Warning: Undefined array key "rcommentid" in /home/clabr/public_html/movingpackets/wp-content/plugins/wp-recaptcha/recaptcha.php on line 348

Warning: Undefined array key "rchash" in /home/clabr/public_html/movingpackets/wp-content/plugins/wp-recaptcha/recaptcha.php on line 349
Getting Busy With the Junos EZ Library - MovingPackets.net

Getting Busy With the Junos EZ Library

Juniper Logo

At the end of my last post, I had completed the installation of Jeremy Schulman’s EZ Library on an Ubuntu server and had run a test script that showed basic information about a Junos router.

I started thinking about how I could use this Python library to do some automated monitoring of my devices, and decided that a good task to start me off might be something useful for my home network. I have a Juniper EX3200 switch, and it would be nice to have a web page that could show a simple port status table so that anybody in the family can easily check status when there’s a problem.

Let’s get cracking then!

Junos EZ Library

To get interface status in our script using the EZ library, we will need to use the ethport module. We’ll include pretty print (pprint) to make the output look nicer, and we’ll need to import Device as usual:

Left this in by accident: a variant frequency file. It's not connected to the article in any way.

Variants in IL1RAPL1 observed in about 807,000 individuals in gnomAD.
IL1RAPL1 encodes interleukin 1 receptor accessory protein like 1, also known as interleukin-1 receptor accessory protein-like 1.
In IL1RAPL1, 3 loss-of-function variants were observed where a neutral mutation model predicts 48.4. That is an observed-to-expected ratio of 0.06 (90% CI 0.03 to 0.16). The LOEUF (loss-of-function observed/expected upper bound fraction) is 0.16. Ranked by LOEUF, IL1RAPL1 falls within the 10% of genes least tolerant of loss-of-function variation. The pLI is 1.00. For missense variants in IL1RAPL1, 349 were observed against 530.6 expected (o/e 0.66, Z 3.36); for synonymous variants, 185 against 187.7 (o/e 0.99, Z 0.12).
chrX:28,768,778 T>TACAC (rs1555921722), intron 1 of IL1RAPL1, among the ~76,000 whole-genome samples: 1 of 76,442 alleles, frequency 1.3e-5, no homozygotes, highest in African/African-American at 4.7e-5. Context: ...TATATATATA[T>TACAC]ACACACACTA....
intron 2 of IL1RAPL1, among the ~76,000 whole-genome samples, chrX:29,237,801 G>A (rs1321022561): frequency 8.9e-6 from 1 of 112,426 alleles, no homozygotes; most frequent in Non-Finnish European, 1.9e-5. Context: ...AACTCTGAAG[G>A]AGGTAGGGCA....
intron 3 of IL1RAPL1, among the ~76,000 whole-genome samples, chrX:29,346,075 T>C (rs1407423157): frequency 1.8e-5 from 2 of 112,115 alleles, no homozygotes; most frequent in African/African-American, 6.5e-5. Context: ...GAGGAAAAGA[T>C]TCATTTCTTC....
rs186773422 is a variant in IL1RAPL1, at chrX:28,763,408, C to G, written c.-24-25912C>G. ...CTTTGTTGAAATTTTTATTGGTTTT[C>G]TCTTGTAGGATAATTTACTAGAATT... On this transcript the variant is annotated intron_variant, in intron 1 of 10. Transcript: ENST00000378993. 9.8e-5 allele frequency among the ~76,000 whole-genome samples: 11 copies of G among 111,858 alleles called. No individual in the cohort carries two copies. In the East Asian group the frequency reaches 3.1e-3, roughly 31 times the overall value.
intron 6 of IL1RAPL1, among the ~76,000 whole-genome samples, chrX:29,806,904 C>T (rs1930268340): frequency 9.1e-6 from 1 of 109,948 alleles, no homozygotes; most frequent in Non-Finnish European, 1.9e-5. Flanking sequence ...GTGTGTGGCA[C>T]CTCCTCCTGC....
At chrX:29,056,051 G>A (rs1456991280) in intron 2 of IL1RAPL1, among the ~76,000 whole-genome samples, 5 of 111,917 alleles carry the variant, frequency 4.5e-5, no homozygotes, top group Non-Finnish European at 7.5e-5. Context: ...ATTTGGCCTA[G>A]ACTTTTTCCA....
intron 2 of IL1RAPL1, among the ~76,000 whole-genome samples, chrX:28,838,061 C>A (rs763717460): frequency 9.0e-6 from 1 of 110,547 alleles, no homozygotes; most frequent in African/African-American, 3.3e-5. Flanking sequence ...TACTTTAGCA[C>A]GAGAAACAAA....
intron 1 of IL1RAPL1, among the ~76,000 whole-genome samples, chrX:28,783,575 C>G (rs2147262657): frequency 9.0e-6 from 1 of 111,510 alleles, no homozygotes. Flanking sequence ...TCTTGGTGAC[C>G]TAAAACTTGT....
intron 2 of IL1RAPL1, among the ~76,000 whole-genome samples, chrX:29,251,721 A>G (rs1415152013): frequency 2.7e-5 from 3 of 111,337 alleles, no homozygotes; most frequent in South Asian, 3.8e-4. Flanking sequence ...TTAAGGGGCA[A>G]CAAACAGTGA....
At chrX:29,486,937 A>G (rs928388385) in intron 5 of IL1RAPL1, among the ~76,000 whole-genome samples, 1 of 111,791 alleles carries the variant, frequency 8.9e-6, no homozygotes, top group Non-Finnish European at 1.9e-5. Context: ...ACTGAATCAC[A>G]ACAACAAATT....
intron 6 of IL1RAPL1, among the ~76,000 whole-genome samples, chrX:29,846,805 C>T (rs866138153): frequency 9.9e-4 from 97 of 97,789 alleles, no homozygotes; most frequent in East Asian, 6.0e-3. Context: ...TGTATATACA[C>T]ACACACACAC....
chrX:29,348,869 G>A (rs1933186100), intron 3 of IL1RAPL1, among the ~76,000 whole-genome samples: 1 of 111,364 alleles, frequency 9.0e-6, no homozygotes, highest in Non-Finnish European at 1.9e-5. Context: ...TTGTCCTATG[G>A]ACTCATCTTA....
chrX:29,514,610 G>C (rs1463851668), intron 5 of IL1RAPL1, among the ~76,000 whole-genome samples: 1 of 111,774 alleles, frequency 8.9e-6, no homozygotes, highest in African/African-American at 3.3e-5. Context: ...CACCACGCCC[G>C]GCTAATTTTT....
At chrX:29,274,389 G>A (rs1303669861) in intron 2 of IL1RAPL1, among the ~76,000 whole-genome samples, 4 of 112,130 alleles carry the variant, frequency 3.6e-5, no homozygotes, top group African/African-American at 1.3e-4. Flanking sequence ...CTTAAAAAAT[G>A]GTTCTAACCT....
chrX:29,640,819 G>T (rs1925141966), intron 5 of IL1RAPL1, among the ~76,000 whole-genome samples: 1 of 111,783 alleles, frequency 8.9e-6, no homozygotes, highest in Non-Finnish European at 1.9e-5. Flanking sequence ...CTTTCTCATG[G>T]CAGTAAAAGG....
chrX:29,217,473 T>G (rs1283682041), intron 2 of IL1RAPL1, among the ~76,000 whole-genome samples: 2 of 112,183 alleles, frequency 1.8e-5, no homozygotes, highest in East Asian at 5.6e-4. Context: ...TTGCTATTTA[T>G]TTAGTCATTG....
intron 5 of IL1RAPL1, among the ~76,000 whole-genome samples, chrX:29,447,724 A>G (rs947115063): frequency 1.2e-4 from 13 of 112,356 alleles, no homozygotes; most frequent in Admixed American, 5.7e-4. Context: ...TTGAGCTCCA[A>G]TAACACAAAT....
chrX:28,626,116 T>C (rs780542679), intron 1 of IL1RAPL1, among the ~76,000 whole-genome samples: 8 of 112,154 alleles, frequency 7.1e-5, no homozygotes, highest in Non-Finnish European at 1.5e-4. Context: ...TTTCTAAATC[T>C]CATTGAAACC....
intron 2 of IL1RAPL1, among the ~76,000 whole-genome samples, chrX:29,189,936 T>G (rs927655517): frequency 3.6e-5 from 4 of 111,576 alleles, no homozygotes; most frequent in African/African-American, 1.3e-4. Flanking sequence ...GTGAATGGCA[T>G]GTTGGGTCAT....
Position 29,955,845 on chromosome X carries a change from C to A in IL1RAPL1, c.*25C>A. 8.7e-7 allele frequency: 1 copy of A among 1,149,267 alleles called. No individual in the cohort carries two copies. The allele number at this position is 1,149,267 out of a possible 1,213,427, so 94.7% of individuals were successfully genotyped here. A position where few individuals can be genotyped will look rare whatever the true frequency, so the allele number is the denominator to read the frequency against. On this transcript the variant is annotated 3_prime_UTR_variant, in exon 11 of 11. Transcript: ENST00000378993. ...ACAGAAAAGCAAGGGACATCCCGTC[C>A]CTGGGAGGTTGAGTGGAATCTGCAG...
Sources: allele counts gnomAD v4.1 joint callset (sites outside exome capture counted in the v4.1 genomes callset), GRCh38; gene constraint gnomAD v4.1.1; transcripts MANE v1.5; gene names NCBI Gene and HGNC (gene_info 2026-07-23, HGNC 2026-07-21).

from pprint import pprint
from jnpr.junos import Device
from jnpr.junos.op.ethport import EthPortTable

Opening the device is the same as before – configure a Device object with a hostname, username and password, then call the open() method:

dev = Device("juniper", user="script", password="script123")

It’s worth noting that your user must have the ability to issue netconf commands which in my test environment means being a super-user; lower privileges like operator won’t cut it, and the script will fail.

Now we should be connected to the device, we need to find a way to get information about the Ethernet interfaces. Jeremy’s approach with this library is to try and keep information access as simple as possible, so information is returned in a table format. In this case we can grab all the interferace information we want with just two commands. The first creates a new Ethernet port table object called “eths” associated with our Junos Device object (dev). We need to populate that object, which we do by calling the get() method on eths: